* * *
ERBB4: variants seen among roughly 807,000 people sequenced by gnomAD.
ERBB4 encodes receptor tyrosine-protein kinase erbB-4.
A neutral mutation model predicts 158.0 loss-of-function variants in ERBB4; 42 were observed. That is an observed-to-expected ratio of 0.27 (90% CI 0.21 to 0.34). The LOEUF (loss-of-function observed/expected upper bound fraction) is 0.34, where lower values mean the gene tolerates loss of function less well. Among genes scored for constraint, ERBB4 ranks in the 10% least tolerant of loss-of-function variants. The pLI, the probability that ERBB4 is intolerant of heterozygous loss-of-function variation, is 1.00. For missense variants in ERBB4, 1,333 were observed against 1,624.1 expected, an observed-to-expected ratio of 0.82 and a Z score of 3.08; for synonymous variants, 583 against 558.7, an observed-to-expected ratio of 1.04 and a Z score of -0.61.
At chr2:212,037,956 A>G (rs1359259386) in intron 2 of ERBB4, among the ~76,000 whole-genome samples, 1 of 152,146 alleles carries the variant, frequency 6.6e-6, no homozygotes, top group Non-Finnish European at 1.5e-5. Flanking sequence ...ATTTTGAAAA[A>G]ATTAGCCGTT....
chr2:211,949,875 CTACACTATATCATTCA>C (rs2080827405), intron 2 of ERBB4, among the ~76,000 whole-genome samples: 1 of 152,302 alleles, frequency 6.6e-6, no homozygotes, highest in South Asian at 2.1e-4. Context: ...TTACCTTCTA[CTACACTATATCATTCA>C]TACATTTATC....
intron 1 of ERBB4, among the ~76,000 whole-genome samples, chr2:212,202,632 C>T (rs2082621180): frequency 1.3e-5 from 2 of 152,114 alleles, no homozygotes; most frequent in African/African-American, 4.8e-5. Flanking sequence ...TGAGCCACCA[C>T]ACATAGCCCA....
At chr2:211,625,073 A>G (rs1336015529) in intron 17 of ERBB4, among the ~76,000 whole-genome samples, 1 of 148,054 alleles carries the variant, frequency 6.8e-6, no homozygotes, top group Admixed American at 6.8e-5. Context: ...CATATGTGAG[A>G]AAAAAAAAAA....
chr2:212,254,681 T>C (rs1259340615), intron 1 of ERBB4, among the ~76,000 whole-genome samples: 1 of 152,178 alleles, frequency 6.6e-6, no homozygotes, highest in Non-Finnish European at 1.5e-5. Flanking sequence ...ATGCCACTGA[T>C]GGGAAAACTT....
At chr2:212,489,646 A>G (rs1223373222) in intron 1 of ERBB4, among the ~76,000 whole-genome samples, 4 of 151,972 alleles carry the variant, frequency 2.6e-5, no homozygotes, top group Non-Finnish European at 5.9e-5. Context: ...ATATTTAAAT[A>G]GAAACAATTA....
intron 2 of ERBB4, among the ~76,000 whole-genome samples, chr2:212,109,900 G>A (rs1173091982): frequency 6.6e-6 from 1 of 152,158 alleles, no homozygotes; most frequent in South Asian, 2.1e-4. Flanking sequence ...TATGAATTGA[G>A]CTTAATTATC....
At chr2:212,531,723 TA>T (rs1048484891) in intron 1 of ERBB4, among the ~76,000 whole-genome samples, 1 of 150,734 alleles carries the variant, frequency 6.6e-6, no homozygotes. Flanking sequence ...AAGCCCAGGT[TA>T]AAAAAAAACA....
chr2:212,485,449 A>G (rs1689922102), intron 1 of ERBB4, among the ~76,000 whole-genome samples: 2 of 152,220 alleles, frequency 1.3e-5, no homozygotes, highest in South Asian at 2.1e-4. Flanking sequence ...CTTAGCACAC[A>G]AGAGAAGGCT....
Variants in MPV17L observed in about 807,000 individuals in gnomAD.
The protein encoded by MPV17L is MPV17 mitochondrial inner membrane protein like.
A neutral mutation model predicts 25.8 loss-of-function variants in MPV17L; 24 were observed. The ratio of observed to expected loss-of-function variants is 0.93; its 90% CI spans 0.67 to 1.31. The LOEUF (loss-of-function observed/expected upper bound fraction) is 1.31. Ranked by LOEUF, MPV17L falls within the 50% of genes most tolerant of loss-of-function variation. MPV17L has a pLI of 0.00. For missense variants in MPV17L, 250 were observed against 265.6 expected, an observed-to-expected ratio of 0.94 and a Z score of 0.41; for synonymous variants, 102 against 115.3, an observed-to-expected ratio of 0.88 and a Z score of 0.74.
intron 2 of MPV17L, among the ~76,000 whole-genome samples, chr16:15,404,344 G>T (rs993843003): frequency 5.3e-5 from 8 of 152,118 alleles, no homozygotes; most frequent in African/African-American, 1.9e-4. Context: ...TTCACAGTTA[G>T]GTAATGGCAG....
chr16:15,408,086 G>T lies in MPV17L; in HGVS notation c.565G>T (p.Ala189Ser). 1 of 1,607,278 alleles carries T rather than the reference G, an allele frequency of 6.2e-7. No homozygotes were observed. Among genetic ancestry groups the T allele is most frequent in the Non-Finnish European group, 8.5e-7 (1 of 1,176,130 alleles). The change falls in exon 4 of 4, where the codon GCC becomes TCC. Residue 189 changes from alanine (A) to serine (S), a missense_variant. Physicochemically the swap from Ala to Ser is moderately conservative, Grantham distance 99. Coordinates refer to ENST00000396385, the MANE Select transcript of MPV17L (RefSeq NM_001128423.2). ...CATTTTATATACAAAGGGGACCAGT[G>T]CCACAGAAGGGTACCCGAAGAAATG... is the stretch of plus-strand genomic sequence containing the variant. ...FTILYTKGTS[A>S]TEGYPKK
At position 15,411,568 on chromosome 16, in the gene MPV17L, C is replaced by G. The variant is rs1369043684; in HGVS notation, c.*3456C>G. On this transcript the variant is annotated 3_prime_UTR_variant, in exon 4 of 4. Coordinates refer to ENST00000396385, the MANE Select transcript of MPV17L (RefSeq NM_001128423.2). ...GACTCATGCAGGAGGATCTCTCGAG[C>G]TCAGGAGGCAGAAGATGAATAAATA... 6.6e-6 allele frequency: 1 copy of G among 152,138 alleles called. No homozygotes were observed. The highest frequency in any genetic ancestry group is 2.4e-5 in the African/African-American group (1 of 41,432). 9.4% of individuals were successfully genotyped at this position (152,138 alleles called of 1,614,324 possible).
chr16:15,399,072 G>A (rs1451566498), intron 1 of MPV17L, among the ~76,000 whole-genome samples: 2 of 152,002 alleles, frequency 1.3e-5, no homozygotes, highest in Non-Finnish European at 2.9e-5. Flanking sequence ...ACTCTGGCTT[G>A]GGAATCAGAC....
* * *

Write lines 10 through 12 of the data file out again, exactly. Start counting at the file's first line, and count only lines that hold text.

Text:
intron 2 of ERBB4, among the ~76,000 whole-genome samples, chr2:212,109,900 G>A (rs1173091982): frequency 6.6e-6 from 1 of 152,158 alleles, no homozygotes; most frequent in South Asian, 2.1e-4. Flanking sequence ...TATGAATTGA[G>A]CTTAATTATC....
At chr2:212,531,723 TA>T (rs1048484891) in intron 1 of ERBB4, among the ~76,000 whole-genome samples, 1 of 150,734 alleles carries the variant, frequency 6.6e-6, no homozygotes. Flanking sequence ...AAGCCCAGGT[TA>T]AAAAAAAACA....
chr2:212,485,449 A>G (rs1689922102), intron 1 of ERBB4, among the ~76,000 whole-genome samples: 2 of 152,220 alleles, frequency 1.3e-5, no homozygotes, highest in South Asian at 2.1e-4. Flanking sequence ...CTTAGCACAC[A>G]AGAGAAGGCT....